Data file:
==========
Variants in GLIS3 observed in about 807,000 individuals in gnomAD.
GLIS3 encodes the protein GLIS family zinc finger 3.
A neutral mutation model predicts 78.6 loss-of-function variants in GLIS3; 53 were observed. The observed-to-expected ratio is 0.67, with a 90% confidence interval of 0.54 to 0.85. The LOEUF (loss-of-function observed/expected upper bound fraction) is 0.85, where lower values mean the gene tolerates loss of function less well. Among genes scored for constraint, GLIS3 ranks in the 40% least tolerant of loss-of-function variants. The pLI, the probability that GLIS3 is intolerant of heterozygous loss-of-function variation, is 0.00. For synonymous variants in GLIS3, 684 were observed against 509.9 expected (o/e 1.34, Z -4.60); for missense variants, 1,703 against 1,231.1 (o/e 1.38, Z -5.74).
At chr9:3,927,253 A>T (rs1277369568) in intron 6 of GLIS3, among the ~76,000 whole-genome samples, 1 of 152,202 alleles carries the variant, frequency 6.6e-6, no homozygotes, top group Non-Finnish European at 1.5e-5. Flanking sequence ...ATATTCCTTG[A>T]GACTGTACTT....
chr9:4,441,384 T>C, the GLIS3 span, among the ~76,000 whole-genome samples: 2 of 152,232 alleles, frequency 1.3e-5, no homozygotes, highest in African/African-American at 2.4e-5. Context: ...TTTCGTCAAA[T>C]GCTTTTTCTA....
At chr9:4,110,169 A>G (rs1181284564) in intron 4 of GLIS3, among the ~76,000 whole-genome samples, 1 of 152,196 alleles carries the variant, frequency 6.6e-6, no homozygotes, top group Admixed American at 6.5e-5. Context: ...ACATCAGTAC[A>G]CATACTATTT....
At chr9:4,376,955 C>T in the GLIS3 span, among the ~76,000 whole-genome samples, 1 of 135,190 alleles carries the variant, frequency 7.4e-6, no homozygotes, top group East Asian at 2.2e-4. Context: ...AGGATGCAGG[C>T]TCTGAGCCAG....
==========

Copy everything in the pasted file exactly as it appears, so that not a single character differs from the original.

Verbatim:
Variants in GLIS3 observed in about 807,000 individuals in gnomAD.
GLIS3 encodes the protein GLIS family zinc finger 3.
A neutral mutation model predicts 78.6 loss-of-function variants in GLIS3; 53 were observed. The observed-to-expected ratio is 0.67, with a 90% confidence interval of 0.54 to 0.85. The LOEUF (loss-of-function observed/expected upper bound fraction) is 0.85, where lower values mean the gene tolerates loss of function less well. Among genes scored for constraint, GLIS3 ranks in the 40% least tolerant of loss-of-function variants. The pLI, the probability that GLIS3 is intolerant of heterozygous loss-of-function variation, is 0.00. For synonymous variants in GLIS3, 684 were observed against 509.9 expected (o/e 1.34, Z -4.60); for missense variants, 1,703 against 1,231.1 (o/e 1.38, Z -5.74).
At chr9:3,927,253 A>T (rs1277369568) in intron 6 of GLIS3, among the ~76,000 whole-genome samples, 1 of 152,202 alleles carries the variant, frequency 6.6e-6, no homozygotes, top group Non-Finnish European at 1.5e-5. Flanking sequence ...ATATTCCTTG[A>T]GACTGTACTT....
chr9:4,441,384 T>C, the GLIS3 span, among the ~76,000 whole-genome samples: 2 of 152,232 alleles, frequency 1.3e-5, no homozygotes, highest in African/African-American at 2.4e-5. Context: ...TTTCGTCAAA[T>C]GCTTTTTCTA....
At chr9:4,110,169 A>G (rs1181284564) in intron 4 of GLIS3, among the ~76,000 whole-genome samples, 1 of 152,196 alleles carries the variant, frequency 6.6e-6, no homozygotes, top group Admixed American at 6.5e-5. Context: ...ACATCAGTAC[A>G]CATACTATTT....
At chr9:4,376,955 C>T in the GLIS3 span, among the ~76,000 whole-genome samples, 1 of 135,190 alleles carries the variant, frequency 7.4e-6, no homozygotes, top group East Asian at 2.2e-4. Context: ...AGGATGCAGG[C>T]TCTGAGCCAG....